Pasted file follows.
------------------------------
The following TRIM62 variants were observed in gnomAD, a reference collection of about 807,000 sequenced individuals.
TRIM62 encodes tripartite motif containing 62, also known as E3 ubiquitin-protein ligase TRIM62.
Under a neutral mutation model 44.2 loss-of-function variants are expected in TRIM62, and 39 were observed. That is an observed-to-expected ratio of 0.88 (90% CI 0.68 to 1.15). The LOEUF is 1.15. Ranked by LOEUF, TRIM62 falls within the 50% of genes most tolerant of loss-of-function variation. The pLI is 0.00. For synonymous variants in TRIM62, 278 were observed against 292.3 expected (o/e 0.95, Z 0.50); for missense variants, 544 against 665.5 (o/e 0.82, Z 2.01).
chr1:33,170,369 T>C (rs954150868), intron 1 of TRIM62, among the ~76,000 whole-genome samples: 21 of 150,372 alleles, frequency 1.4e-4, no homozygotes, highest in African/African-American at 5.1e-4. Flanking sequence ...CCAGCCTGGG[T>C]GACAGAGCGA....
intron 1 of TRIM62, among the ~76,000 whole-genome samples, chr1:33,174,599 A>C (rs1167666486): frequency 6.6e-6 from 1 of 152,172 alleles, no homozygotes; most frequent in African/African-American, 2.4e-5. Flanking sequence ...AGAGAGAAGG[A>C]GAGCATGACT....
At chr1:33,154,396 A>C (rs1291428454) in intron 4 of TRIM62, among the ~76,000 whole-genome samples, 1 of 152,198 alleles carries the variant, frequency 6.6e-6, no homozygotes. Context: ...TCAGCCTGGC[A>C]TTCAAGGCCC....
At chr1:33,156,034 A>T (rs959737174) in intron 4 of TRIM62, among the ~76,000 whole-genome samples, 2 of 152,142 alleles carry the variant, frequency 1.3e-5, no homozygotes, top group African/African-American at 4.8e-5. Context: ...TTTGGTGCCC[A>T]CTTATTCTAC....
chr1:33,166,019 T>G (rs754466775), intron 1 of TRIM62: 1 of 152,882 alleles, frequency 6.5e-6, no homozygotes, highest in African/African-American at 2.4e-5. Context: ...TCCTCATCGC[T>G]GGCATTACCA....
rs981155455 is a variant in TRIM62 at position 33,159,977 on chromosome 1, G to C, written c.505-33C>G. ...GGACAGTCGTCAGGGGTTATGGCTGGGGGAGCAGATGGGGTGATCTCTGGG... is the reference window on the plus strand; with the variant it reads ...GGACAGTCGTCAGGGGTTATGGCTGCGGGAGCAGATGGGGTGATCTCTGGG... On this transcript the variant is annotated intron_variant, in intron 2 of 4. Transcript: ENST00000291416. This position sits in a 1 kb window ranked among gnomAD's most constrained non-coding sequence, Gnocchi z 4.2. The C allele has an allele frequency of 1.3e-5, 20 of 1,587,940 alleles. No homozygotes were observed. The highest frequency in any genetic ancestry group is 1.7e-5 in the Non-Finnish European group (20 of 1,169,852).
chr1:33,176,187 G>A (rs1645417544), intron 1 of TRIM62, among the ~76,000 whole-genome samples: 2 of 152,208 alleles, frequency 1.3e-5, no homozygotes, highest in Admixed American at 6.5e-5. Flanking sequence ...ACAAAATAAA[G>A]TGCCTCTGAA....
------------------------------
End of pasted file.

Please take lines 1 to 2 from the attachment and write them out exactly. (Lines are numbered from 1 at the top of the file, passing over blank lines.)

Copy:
The following TRIM62 variants were observed in gnomAD, a reference collection of about 807,000 sequenced individuals.
TRIM62 encodes tripartite motif containing 62, also known as E3 ubiquitin-protein ligase TRIM62.